The contentions raised by the petitioners (Cryptocurrency exchanges Koinex, CoinDCX, Throughbit, and CoinDelta) in challenging the RBI’s circular highlight several significant legal and regulatory issues surrounding the treatment of virtual currencies. Here’s an overview of their major contentions:

1. The petitioners argued that the RBI overstepped its authority granted by various acts such as the Banking Regulation Act, 1949, Reserve Bank of India Act, 1934, Payment and Settlement Systems Act, 2007, and as virtual currencies (VCs) were not subject to these regulations. 

2. The petitioners argued that an outright prohibition on banks and financial institutions from dealing with them is disproportionate. They advocated for a regulatory approach that allows for the continued operation of virtual currency exchanges under appropriate oversight.

3. The petitioners asserted that virtual currencies do not possess the same characteristics as traditional money or legal tender and function more as goods or tradable commodities rather than as mediums of exchange or units of account. Therefore, the RBI should not have regulatory jurisdiction over them.

4. The petitioners alleged that this constitutes a “colourable exercise of power” by the RBI which means that RBI indirectly applied its power where it could not do so directly. The petitioners also highlighted inconsistencies in the RBI’s approach and pointed out that the RBI’s prohibition on VCs was not aligned with the actions of other regulatory bodies.

6. The petitioners pointed to regulatory approaches in other jurisdictions, particularly non-authoritarian ones, where virtual currencies are regulated rather than outright banned. They argue that the RBI’s approach is overly restrictive compared to international norms.

7. The petitioners contended that virtual currency exchanges have already implemented measures such as anti-money laundering practices and Know Your Customer (KYC) procedures. Therefore, there was no justification for the RBI to prohibit banks and financial entities from dealing with them.

8. The petitioners argued that the RBI’s circular infringed upon their fundamental right to carry on occupation, business, or trade guaranteed under Article 19(1)(g) of the Constitution.

9. Finally, the petitioners question the legal standing of the RBI’s circular, suggesting that it does not carry the same weight as executive or legislative actions and should not be equated with judicial acceptance.

Contentions of the respondent:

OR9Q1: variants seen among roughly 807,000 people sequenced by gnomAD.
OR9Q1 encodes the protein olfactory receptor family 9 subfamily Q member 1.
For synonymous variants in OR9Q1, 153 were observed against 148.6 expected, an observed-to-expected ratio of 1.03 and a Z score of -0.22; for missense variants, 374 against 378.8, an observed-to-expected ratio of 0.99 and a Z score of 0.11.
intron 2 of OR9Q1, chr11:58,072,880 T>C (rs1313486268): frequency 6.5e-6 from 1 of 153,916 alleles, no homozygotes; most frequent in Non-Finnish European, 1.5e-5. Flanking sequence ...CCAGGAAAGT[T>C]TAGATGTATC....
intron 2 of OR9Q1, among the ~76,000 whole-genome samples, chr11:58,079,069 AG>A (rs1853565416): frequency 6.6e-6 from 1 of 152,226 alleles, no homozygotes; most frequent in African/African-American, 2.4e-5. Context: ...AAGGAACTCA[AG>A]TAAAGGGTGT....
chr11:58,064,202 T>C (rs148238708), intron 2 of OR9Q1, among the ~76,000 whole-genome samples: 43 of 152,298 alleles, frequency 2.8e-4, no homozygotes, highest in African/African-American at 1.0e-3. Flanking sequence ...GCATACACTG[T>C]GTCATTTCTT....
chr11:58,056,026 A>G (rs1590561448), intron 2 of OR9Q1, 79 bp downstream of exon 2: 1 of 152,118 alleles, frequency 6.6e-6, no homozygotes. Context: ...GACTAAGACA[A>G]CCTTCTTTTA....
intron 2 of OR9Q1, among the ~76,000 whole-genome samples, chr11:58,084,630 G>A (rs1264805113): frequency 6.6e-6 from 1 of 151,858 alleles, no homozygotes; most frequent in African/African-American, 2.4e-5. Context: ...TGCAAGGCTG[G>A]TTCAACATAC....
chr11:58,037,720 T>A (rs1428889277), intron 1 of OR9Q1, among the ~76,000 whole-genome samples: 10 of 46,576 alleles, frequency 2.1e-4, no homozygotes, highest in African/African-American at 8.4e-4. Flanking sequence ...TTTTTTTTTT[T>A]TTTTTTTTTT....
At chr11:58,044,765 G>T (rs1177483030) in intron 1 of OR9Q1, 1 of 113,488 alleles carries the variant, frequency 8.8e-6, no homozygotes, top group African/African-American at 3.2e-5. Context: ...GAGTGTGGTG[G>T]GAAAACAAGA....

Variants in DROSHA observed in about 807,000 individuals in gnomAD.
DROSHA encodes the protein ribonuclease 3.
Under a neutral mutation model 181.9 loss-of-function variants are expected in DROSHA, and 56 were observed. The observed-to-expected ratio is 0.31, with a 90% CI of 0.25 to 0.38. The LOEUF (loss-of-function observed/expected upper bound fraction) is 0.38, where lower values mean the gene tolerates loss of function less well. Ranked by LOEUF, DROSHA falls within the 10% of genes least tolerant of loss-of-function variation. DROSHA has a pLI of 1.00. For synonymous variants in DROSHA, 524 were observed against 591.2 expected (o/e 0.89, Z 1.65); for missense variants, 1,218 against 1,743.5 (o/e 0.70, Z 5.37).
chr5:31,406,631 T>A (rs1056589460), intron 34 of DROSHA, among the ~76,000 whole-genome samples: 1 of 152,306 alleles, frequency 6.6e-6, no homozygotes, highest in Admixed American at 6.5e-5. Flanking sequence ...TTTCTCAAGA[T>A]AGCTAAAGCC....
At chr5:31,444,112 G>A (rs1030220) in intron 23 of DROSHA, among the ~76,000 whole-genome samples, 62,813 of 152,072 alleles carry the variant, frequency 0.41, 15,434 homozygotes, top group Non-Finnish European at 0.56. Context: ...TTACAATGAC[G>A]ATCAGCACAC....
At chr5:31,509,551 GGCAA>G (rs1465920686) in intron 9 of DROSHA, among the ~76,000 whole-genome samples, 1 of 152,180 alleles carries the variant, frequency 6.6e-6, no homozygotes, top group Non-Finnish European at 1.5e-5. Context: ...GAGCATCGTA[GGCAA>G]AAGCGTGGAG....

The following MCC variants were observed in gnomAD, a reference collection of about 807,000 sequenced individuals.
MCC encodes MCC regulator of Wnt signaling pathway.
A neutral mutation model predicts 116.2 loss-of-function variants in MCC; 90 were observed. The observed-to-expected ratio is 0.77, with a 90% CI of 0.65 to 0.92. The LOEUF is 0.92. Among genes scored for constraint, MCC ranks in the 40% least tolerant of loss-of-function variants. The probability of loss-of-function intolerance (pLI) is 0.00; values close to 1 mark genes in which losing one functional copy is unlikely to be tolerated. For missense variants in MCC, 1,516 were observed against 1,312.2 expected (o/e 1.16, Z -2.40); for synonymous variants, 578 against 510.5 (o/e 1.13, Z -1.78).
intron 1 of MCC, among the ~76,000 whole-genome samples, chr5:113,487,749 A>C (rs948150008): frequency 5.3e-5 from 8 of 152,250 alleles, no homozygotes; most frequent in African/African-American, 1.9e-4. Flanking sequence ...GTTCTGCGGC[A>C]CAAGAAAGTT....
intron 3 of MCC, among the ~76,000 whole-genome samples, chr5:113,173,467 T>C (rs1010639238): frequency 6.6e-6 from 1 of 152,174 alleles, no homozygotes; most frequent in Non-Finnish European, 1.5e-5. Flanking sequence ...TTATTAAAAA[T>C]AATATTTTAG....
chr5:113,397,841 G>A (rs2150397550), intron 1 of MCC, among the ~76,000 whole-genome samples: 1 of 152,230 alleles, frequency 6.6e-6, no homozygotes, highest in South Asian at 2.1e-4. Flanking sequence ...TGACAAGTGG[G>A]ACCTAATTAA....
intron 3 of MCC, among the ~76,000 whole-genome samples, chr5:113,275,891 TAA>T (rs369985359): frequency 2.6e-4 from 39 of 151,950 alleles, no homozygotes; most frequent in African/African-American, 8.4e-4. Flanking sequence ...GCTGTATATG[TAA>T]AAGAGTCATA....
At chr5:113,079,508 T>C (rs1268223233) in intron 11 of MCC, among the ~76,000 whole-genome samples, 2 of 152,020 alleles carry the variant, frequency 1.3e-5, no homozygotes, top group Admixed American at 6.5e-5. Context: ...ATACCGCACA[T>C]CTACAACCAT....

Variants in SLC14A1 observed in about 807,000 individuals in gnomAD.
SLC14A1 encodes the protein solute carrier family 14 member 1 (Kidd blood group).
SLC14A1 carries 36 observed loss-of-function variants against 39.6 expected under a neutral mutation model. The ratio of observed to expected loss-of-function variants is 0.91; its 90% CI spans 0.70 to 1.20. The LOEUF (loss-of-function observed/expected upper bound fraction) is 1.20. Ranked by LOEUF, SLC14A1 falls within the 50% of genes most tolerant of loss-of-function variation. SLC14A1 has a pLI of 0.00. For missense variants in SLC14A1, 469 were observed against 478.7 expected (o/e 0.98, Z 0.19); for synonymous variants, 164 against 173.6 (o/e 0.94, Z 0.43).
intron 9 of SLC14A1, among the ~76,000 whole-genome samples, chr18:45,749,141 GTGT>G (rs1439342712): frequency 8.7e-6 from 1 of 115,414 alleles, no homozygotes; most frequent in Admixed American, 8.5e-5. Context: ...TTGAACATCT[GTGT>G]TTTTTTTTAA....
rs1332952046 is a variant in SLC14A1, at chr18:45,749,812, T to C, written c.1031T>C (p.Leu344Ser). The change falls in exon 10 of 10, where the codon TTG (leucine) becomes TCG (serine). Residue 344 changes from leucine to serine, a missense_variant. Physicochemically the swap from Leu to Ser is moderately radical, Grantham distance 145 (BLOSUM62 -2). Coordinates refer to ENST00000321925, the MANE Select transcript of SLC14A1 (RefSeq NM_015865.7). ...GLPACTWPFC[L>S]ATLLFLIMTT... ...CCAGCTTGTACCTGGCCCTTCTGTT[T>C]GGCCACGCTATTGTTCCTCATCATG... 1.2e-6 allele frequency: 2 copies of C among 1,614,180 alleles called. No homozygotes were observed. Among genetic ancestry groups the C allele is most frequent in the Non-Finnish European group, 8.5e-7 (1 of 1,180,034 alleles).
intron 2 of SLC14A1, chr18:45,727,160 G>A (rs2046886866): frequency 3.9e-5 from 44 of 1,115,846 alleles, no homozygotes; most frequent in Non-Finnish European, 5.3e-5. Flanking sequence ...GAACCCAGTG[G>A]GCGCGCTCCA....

1. The RBI’s authority to issue the circular stemmed from the Banking Regulation Act, of 1948, the Payment and Settlement Systems Act, of 2007, and the Reserve Bank of India Act, of 1934, thus falling within its statutory mandate.

2. The decision to issue the circular was a measured response to the potential risks associated with virtual currencies, reflecting a proportional regulatory approach.

3. Virtual currencies were being utilized akin to legal tender for transactions, including purchases on platforms like Amazon, indicating a convergence with traditional currency functions.

4. There existed the risk of unmonitored remittance of funds abroad, posing potential challenges to regulatory oversight and financial stability.

5. The RBI had an inherent responsibility to safeguard the integrity of the national payment system, necessitating proactive measures to address emerging threats posed by virtual currencies.

6. The fiscal and economic policies articulated by the RBI held the weight of legal mandate, warranting deference from the judiciary and non-interference with regulatory prerogatives.

7. Extensive research and analysis informed the RBI’s decision-making process, with the circular grounded in comprehensive literature on virtual currencies, supporting the necessity and rationale behind its issuance.


The case of Internet and Mobile Association of India (IAMAI) vs. Reserve Bank of India (RBI) holds extraordinary relevance in the world of law, particularly in the intersection of financial regulations, emerging developments in the fintech world, RBI’s role in regulating the virtual currencies, and constitutional rights. 

The case addresses the pressing issue of how to regulate cryptocurrencies within existing legal frameworks. The petitioners in the case contended that RBI transcended its power to lay down directions regarding currencies and credit systems as the virtual currencies do not fall within the purview of the relevant acts and regulations like the Banking Regulation Act, 1949, the Reserve Bank of India Act, 1934, the Payment and Settlement Systems Act, 2007, etc. that empower RBI to issue such directions. Therefore, this case highlights the need for separate, clear, and comprehensive regulations especially governing virtual currencies.